Hood | WIG148 | Released: 17/01/05
'Outside Closer' foregrounds a new directness and boldness for Hood. The Leeds 4 piece have made a bright, brave and modern record. It's full of surprise, originality, soul, and venom - just like 'pop' music should be. "We wanted it to jump out of the speakers'' explains Richard Adams "and to make it emotionally draining. Anti-indie/tronic. Big rather than small. Not background music. Not necessarily 'nice'."We decided to move away from the electronic side of things.
The LP is song orientated and features totally different production styles to the last LP (Cold House). The tracks are all quite different as we worked on them all over a long period of time, adding to them, taking things off, putting them back on, taking them off again then putting them back on as the final step before taking them off and ending up exactly where we started." The album was produced in Leeds with Choque Hosein (formerly of Black Star Liner) and features a no star cast of local musicians helping out. Following on from their cLOUDDEAD assisted work on 'Cold House' Hood enjoy looking in new places for collaborators. ''We like using people we find in nooks and crannies, sympathisers if you will - one of the guys is an acclaimed Cuban musician, one of them is 'permanently arrested' anti-capitalist agitator - it just gets your eyes open a bit to other ways of working'', explains Richard.
Though they barely sound like either, Hood's aesthetic has previously been compared to that of Underworld's Karl Hyde or The Streets' Mike Skinner for the astuteness with which they evoke the minutiae of their immediate environment. Future single 'The Negatives' would suggest that the Adams brothers find their epiphanies in lengthy winter walks rather than (or as well as?) Ecstasy or brandy: "Go to the furthest place from your house", they urge, "Stand there a while / Make sure you're broke / And watch the birds fly round!" "Our love of the great outdoors has been well documented," reiterates Chris Adams, "Please refer to all our LPs, singles, tapes, compilation appearances, flexis, MP3s, artwork, interviews, general conversations and holiday destinations." On an old single '(The) Weight', Hood intimated that they would sabotage their local railway system so that a lover didn't have to go home.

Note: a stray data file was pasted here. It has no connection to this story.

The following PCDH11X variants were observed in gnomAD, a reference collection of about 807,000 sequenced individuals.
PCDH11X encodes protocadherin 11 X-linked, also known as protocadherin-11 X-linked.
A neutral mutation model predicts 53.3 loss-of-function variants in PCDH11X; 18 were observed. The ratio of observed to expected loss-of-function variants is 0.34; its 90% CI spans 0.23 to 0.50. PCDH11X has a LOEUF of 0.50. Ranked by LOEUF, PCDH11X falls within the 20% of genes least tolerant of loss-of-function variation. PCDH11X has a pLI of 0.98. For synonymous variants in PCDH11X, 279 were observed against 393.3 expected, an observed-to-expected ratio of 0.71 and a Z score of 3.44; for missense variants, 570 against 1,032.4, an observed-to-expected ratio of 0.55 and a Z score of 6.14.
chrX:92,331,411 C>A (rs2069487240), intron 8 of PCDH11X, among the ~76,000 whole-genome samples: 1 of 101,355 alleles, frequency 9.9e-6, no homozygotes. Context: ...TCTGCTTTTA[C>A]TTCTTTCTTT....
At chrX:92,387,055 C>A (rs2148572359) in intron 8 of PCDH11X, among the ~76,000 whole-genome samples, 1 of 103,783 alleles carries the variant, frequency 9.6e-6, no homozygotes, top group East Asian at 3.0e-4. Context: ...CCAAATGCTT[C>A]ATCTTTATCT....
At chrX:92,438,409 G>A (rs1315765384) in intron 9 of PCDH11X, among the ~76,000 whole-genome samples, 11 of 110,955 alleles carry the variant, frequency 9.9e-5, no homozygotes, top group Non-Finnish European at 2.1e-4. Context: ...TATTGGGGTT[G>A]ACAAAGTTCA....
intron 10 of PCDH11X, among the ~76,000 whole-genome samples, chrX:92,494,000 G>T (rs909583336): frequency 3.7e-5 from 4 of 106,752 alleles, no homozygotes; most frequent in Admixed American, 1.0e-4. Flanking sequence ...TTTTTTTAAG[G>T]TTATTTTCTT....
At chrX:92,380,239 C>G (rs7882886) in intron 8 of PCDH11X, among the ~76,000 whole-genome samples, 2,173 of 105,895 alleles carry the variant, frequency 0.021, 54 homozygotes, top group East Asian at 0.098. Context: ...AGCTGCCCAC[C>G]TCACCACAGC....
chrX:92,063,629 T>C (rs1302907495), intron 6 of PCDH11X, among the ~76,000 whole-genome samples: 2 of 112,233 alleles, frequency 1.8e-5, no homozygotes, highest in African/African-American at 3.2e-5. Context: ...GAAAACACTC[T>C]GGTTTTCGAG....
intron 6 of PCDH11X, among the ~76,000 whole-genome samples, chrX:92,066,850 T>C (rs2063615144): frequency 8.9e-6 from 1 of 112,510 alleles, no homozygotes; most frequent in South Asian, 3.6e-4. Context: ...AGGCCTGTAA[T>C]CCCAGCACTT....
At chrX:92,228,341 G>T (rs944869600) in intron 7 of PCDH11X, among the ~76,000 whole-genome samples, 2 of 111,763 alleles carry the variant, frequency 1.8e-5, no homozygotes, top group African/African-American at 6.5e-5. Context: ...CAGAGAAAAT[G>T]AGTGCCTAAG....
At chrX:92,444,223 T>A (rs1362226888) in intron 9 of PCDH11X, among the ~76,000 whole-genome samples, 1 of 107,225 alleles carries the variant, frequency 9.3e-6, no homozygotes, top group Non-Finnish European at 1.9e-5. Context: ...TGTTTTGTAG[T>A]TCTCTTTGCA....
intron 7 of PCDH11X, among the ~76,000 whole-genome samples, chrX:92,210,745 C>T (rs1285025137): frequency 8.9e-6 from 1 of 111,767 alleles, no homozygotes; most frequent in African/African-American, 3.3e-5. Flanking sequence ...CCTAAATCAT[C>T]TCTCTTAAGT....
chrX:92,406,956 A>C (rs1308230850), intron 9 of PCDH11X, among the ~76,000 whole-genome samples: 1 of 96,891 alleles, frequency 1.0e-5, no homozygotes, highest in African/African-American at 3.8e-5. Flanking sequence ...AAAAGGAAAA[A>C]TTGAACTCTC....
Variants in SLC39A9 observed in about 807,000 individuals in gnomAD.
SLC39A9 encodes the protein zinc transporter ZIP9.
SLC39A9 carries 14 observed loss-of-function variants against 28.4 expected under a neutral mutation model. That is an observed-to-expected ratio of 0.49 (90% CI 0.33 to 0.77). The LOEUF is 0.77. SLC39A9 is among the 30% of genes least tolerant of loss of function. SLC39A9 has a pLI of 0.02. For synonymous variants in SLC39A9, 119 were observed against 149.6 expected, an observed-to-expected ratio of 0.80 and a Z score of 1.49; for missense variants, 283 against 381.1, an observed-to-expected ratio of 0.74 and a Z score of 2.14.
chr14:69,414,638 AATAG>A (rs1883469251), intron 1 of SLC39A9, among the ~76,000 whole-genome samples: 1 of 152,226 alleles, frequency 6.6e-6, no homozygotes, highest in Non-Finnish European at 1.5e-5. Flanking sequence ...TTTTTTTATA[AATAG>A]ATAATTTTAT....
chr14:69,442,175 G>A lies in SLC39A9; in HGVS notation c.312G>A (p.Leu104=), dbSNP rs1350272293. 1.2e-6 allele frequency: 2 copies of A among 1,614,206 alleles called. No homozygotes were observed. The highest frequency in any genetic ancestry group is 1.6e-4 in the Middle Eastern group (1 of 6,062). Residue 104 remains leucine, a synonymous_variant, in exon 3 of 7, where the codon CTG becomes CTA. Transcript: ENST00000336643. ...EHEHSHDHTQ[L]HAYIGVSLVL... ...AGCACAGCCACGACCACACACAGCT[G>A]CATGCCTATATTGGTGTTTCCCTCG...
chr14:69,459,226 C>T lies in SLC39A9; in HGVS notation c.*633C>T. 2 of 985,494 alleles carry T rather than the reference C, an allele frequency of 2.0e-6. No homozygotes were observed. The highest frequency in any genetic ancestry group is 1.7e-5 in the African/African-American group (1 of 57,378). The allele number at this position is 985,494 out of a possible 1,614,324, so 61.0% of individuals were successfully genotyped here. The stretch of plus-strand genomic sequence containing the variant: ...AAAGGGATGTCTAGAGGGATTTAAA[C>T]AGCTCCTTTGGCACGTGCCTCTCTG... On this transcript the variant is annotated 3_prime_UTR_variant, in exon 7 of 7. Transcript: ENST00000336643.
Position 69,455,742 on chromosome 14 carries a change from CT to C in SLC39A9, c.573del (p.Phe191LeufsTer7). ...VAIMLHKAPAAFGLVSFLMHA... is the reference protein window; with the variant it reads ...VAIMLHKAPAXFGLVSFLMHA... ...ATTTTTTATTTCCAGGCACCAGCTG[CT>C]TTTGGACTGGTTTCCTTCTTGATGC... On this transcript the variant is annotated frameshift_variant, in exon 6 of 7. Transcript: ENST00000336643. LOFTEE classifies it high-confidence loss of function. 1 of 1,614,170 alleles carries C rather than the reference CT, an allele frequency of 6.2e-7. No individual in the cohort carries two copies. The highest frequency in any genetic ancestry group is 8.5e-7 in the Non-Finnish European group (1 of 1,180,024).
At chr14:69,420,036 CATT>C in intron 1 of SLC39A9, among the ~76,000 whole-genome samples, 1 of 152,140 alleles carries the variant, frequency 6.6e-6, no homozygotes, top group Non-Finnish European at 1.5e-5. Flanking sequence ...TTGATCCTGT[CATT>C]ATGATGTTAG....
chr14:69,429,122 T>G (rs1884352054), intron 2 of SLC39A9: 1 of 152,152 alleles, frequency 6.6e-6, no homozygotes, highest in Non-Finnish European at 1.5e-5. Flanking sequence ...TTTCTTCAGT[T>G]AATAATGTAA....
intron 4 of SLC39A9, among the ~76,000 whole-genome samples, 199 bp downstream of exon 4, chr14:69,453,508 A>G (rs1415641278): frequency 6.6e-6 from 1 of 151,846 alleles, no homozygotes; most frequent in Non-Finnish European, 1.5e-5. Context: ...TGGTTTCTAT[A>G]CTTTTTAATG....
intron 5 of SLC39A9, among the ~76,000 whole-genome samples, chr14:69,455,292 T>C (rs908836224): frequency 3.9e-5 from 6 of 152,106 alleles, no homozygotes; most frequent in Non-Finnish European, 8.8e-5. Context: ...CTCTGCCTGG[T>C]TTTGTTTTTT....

'Outside Closer' might reference such actions again. On the cyclical 'End of One Train Working', it's as if the group have fulfilled this threat without actually achieving the anticipated aim: "Where is the train ride home?" they wonder, "Where is the love we had?" 'The Negatives' seems to find them covering the train line with leaves as a means of subversion. Hood become defined by such acts of gentle insurrection. Is the track title 'This Is It, Forever' an allusion to the end of Hood? "We've probably been the only band ever to announce our split in song ('Hood Is Finished') and then not split," suggests Richard, "So I don't know." Don't be fooled, 'Outside Closer' is a New Morning for Hood.